The eviction at Lamport Stadium Park followed a police assault and evictions at Alexandra Park the day before, where at least nine people were arrested. While a previous eviction of an encampment was met with hundreds of people protesting, on this occasion a temporary fence was erected in the early morning in an attempt to keep out protestors as well as the media, so that the police could carry out their assault with impunity. Domenico Saxida, a resident of the encampment called the clearing of the park by police and security "completely unnecessary." He told CBC News that many residents had already begun to leave, with some opting to move to city-run hotels and shelters, while others had managed to find more permanent housing. Saxida said he didn't know where he would go next and that he is worried for others who were forced from the encampment. "There are a few women in this park. I would like to know, where are they going to go? What are they going to do? The shelters are overloaded, the hotels are all overloaded. They're unsafe," he said.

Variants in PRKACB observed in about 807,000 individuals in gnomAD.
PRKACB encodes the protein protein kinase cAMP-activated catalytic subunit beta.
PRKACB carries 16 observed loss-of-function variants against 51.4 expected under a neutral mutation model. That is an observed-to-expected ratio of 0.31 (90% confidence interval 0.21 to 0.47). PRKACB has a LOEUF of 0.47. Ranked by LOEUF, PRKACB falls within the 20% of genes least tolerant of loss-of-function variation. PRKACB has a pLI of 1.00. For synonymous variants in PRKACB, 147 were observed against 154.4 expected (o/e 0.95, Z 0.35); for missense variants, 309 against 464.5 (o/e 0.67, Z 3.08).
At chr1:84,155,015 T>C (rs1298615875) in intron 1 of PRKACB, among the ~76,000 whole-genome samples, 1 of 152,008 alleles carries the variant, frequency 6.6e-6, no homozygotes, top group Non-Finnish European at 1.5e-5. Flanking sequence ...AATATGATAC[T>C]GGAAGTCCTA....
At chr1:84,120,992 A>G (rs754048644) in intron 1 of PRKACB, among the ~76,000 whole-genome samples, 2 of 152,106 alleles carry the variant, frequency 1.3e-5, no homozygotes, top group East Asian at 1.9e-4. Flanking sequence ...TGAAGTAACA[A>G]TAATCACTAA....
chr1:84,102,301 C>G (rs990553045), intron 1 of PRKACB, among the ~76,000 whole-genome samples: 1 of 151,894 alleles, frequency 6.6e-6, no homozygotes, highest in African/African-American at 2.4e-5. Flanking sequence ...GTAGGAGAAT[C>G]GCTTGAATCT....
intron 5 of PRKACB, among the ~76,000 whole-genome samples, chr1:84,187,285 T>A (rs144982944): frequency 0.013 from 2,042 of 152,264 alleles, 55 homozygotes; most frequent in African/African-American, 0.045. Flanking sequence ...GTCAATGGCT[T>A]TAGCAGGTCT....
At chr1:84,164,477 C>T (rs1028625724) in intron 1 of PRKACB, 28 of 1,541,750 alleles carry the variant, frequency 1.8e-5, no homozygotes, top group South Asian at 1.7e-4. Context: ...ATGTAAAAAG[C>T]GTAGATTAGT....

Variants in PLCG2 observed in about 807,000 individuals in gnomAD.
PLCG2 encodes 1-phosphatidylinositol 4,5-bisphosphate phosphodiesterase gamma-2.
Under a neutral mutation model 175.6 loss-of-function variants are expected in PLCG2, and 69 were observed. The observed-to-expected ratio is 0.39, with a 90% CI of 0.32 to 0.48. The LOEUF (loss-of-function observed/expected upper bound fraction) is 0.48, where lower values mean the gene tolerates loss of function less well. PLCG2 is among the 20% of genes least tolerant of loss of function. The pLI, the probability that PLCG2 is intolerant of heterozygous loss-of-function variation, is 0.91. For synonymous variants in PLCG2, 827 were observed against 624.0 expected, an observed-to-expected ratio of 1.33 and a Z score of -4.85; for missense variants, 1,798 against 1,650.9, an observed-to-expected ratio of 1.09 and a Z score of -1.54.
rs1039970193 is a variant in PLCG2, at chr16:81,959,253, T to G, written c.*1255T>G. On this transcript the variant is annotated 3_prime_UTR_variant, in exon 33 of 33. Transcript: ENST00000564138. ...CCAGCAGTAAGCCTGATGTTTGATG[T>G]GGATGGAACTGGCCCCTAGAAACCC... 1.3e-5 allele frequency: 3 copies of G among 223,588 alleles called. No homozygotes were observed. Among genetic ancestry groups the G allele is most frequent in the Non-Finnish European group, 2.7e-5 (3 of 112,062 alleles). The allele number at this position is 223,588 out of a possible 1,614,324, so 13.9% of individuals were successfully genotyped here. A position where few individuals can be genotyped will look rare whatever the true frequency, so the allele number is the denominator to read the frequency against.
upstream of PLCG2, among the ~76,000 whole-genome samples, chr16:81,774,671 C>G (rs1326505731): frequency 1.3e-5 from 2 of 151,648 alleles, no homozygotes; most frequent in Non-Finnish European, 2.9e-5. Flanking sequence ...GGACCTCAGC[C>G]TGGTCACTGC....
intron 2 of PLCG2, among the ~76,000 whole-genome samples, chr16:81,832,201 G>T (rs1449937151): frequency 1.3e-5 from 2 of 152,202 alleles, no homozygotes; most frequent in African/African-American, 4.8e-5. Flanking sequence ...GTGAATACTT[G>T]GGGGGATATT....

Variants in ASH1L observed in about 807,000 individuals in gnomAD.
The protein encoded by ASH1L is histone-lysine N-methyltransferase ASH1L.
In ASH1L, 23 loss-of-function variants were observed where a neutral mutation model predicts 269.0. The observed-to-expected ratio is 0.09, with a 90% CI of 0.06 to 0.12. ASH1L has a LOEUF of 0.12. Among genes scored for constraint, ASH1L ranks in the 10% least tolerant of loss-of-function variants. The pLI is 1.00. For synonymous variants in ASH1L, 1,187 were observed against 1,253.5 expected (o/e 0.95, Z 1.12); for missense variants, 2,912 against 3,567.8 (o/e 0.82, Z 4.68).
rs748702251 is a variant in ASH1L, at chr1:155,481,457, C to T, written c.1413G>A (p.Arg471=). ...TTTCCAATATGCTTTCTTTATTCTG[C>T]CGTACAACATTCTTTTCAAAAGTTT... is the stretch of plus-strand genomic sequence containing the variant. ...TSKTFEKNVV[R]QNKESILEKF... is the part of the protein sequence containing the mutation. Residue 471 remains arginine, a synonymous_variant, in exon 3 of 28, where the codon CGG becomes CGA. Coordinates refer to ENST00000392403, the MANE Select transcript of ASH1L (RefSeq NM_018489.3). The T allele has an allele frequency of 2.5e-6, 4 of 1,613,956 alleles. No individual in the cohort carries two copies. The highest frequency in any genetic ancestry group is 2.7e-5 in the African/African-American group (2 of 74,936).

Alexandra Park police assault and eviction.

On June 22, hundreds of people rallied at Trinity Bellwoods Park to resist and hold to account a huge police presence sent to forcibly evict a homeless encampment from the park. An estimated 400-500 people stood up to at least 100 police armed with tear gas, rubber bullets and worse, to prevent the destruction of the encampment and eviction of the 25 or more homeless people who had been living there. The stand-off with police lasted 12 hours before the homeless were removed. A number of those standing up for the rights of the homeless were arrested.